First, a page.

By Nikki Jamieson
The M.D. of Taber has more questions than answers when it comes to legalizing recreational marijuana use.
During their regular July 11 meeting, the Municipal District of Taber met with Taber Mayor Andrew Prokop, where he expressed his concerns on upcoming cannabis legalization.
With Bill C-45 — the Cannabis Act — expected to come into force on July 1, 2018, municipalities have been looking for answers on how it will be enforced and legislated.
“We understand, in Canada, there are approximately 37,000 tobacco-related deaths each year,” said Derrick Krizsan, CAO for the M.D. “We find it curious that a Government of Canada would advocate for an increased use of a product whose health impacts are not known. It seems like we’re repeating history here with what happened with tobacco.”
“So there is some belief that the legislation is moving faster than we can understand its impacts.”
In a copy of a letter to Bow River MP Martin Shields from the town, the town council had passed a motion to request that “the Alberta Urban Municipalities (AUMA) petition the Government of Alberta, and further the Government of Canada, to not allow the Cannabis Act (Bill C-45) to pertain to municipalities in the Province of Alberta.”
At Taber town council’s regular June 26 meeting, Prokop had also slammed the Alberta Urban Municipalities Association for not taking a stance on the issue.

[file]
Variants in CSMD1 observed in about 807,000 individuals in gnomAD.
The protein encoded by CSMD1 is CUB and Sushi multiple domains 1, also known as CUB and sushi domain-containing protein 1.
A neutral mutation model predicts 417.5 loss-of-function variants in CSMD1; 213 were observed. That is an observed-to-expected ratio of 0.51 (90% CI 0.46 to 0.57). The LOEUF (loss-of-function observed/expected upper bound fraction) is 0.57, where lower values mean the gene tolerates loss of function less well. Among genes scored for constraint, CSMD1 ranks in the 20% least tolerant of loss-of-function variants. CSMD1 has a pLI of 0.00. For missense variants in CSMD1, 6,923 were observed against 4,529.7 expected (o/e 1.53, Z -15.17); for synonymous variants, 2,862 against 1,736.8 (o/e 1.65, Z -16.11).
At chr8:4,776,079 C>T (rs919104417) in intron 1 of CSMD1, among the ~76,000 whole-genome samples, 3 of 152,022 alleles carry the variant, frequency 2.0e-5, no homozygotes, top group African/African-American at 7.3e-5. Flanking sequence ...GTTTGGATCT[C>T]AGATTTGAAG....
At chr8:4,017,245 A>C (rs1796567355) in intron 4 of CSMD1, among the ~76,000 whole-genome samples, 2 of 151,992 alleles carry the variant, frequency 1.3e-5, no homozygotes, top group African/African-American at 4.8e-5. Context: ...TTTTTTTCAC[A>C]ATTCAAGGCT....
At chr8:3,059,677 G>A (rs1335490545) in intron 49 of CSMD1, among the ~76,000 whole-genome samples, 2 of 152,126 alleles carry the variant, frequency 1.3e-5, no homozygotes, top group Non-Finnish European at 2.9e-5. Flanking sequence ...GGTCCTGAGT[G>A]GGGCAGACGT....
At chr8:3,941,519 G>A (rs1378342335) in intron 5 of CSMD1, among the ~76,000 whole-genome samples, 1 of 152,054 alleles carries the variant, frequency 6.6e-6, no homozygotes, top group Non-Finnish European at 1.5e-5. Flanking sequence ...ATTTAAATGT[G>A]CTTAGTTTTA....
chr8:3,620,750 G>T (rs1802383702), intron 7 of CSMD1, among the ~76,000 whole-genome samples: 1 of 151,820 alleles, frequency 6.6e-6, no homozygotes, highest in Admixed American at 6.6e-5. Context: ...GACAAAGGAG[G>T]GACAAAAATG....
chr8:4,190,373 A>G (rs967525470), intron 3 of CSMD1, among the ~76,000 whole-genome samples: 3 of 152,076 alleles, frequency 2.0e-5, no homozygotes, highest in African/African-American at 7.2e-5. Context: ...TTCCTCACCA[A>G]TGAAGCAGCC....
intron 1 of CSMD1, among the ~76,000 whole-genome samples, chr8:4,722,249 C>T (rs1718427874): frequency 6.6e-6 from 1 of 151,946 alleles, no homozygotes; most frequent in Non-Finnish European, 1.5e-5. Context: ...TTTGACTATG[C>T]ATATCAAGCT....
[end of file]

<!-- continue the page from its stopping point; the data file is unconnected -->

After the meeting, M.D. council had passed a motion to provide a letter of support for the Town of Taber’s resolution, and instructed Krizsan to draft a resolution pertaining to the Cannabis Act that the M.D. could bring through the Alberta Association of Municipal Districts and Counties, with a focus on the act permitting youth as young as 12 years old to be in possession of up to five grams of marijuana, according to Krizsan.
“Council has concerns — among other things — about that provision in the act.”
The M.D. also has concerns about the science and law enforcement not being developed enough for officers to conduct road-side impairment tests for marijuana, and the speed of the process creating more problems then it says it will solve. Health, social and legal issues are also a concern.
Stressing that the M.D. is taking a different approach to the issue than the town, Krizsan said that it would be “a little premature” to decide on the fate of legalized marijuana in the M.D. right now, saying that they would prefer to get some answers from the province first.
“Part of the responsibility of the provincial government is to determine how a product is retailed and distributed, retail locations and roles, rules, regulatory compliance, public consumption, all of those are within the mandate of the province of Alberta to implement,” said Krizsan. “The government of Canada develops legislation — take for example alcohol, where they permitted the sale of alcohol. It was up to the province to determine how that product would be retailed and distributed within the province of Alberta, and as part of the regulations for new retail outlets, municipal governments have the ability to determine where retail outlets for alcohol can be located, what type of zoning, where is an appropriate location. I anticipate that process would be similar for cannabis-type products.”
“Right now, we have very little or no information pertaining to how the province of Alberta is planning to regulate the product and how they plan on distributing. Until we have an idea on what they’re planning on doing in terms of legislation, it’s difficult to evaluate the impact on municipalities or how we handle that.”
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